Scientists are turning to anything they can to help stop the spread of coronavirus. That includes dogs, who’ve been trained to detect other diseases, including cancer, malaria and Parkinson’s Disease. Now dogs worldwide are learning how to detect COVID-19.
Researchers are trying to find out what volatile organic compounds (scents) are coming off of these diseases, and they hope dogs can screen people at airports, schools, train stations, and sporting events. That’s according to Maria Goodavage, journalist and author of “Doctor Dogs: How Our Best Friends Are Becoming Our Best Medicine.”
“They're training them on the scent of people with COVID-19. And the best way that I've seen is to have swabs of sweat. … At a few airports in the UAE [United Arab Emirates] … they have to test negative to get into the country, but then some will get this extra test of an underarm swab. … Then that goes to a backroom where the dogs are there to sniff out samples. And reportedly they're doing a really good job.”
COVID-19 alters people’s body chemistry, Goodavage explains. “In this case, what they're thinking is that it is something that the body goes through, and the scent of your body changes. … Certainly dogs can tell it with diabetes when your biochemistry changes. … They’ve shown time and time again, in training and in research, that there is a scent to people and they [researchers] don't know what it is.”
Asymptomatic or pre-symptomatic people with COVID-19 can be detected by dogs too, as early research has shown (but can be disproven in the future), Goodavage says.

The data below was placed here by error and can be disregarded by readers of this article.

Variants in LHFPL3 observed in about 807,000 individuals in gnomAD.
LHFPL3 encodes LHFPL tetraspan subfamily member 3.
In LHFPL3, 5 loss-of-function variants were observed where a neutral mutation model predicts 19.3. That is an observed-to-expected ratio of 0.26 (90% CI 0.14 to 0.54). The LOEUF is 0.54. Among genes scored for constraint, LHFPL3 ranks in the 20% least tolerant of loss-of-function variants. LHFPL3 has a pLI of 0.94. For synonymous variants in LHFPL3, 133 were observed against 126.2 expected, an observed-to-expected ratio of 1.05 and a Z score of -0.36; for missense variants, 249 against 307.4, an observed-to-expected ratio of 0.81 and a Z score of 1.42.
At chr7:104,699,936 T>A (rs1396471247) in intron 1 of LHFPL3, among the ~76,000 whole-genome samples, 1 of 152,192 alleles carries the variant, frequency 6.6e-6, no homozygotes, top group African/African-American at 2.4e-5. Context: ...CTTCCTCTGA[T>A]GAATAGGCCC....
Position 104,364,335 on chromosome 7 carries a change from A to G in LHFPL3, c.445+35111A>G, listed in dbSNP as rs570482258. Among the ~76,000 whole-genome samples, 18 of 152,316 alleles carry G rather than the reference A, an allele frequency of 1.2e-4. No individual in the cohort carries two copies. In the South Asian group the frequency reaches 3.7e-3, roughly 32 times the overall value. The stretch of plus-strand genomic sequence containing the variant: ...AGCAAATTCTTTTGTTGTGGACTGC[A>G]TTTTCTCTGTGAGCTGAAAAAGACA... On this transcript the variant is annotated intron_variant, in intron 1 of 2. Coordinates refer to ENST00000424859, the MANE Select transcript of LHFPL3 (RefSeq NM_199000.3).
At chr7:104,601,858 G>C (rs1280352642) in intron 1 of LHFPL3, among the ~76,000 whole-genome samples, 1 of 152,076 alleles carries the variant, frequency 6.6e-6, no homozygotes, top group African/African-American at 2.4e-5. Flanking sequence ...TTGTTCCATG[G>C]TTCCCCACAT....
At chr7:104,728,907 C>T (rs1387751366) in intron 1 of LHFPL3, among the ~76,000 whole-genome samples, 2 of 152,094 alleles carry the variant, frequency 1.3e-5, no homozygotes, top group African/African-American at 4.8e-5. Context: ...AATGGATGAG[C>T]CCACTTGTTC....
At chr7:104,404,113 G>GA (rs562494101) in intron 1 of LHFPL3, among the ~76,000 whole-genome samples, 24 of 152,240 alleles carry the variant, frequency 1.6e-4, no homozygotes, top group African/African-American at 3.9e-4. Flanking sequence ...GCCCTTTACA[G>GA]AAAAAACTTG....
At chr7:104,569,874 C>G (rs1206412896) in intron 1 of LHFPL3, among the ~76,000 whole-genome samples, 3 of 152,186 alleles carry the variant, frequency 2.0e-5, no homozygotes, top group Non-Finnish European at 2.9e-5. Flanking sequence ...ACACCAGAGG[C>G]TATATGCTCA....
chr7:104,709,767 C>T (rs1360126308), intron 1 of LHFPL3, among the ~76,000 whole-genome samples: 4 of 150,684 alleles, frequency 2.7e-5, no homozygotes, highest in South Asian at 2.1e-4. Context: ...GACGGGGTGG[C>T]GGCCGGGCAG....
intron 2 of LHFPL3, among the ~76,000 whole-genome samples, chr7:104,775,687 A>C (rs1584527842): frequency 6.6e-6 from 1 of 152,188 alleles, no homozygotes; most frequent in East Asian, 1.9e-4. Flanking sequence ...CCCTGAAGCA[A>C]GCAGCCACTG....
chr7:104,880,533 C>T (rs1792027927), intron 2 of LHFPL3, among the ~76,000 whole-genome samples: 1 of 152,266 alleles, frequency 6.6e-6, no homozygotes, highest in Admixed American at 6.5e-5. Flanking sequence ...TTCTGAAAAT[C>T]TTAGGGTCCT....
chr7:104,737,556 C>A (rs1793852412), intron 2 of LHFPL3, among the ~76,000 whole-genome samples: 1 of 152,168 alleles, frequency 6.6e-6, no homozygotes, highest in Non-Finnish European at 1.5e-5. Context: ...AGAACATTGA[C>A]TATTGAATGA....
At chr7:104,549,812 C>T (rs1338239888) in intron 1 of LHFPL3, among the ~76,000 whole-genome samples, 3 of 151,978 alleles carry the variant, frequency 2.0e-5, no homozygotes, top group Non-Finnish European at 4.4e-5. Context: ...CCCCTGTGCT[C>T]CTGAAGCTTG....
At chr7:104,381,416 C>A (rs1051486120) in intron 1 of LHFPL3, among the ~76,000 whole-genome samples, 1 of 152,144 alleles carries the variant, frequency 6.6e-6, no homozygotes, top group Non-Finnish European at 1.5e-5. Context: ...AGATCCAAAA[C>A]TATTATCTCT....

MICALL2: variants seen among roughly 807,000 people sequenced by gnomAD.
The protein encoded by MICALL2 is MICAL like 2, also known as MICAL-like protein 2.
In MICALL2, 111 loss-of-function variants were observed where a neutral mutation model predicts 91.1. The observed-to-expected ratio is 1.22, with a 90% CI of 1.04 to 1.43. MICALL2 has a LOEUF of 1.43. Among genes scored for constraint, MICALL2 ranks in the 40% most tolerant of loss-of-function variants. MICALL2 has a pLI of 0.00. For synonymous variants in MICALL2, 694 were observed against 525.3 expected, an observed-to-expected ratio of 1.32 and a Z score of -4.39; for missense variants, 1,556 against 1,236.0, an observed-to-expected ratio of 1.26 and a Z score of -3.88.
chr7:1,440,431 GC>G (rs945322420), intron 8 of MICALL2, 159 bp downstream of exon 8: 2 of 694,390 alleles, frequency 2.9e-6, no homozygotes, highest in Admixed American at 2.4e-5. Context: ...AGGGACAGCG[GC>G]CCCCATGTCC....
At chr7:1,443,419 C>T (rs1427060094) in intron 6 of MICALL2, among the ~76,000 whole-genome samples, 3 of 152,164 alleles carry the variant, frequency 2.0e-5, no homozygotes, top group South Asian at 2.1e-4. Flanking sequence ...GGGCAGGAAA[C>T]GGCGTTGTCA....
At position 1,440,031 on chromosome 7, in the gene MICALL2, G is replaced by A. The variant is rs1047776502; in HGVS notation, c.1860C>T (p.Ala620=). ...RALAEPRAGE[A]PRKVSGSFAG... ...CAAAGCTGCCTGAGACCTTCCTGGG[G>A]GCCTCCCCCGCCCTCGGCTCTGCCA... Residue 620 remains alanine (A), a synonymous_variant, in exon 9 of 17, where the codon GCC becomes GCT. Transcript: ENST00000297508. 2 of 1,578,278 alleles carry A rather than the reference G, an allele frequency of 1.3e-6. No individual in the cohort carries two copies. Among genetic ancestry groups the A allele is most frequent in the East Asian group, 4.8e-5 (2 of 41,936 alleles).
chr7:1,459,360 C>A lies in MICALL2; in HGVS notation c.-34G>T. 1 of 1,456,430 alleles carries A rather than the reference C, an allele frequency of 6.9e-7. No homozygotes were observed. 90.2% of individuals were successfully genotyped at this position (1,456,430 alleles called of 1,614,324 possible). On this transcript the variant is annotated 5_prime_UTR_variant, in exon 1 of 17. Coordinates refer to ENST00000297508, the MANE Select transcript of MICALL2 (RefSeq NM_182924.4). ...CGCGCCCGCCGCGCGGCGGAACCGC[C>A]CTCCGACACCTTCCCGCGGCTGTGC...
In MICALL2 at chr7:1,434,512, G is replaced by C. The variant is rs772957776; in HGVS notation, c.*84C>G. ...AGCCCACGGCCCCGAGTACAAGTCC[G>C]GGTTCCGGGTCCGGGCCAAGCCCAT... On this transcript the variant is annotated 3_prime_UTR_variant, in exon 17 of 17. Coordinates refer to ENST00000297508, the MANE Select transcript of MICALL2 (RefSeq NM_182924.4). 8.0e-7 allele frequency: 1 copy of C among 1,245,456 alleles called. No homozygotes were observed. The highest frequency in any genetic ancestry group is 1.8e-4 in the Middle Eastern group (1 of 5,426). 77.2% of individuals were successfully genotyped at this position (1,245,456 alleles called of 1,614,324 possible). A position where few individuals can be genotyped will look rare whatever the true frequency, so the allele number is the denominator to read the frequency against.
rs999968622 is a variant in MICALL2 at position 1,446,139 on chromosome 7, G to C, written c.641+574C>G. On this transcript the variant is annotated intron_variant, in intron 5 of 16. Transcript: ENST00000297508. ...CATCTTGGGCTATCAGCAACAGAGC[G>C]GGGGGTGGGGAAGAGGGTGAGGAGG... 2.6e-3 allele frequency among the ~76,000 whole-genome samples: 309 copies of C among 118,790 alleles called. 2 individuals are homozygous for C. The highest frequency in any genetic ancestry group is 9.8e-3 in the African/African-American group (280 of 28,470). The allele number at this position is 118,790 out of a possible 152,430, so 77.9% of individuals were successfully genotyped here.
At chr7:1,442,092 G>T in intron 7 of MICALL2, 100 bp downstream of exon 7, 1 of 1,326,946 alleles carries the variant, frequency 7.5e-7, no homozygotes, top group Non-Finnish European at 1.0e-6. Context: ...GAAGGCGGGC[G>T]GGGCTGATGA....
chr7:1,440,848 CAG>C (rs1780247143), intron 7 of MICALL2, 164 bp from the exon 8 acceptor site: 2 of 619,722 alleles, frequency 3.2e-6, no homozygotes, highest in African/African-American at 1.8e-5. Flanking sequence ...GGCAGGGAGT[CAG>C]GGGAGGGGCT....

“Dogs have such incredibly sensitive olfactory anatomy. … They can smell things we couldn't even imagine. … I wish they could talk and tell us what it is they're smelling, and that ‘yeah, that guy has or that woman has no symptoms, but of course I can smell it.’ So that's the hope in the future because obviously that's what we really want to capture, not someone who's already feeling a little punky.”
Goodavage says dogs smell in 3D, meaning their nostrils can work independently. One nostril might be sniffing one thing, and the other nostril might be exploring something else.
“The way they inhale and exhale is even helpful for us to know about because our scent-detecting machinery that's being used in laboratories for other things has started mimicking the way a dog's nose smells. … So it's amazing what the beauty that is a dog's nose, and what we're learning about that and all these things that plague humankind.”
Goodavage notes that all dog breeds can be really good at this, and the best ones are those with a high drive for a reward, especially a toy or food.
She says hopefully in a few months, more and more of these dogs will show up to public venues. She points out that at London’s Paddington Station, there was a test run of dogs that successfully identified COVID-positive people, and the idea is that dogs will be able to screen about 250 people per hour per dog.
She adds, “Now that's not a lot when you think about these venues that have many tens of thousands of people. It will take a lot. … They have to be really selective of where the dogs are employed. But it will be nice, and one day when I go to my local mall, I would not mind seeing a dog there screening people as we enter.”
And don’t worry, these dogs don’t bite, Goodavage says.
— Written by Amy Ta, produced by Sarah Sweeney and Rosalie Atkinson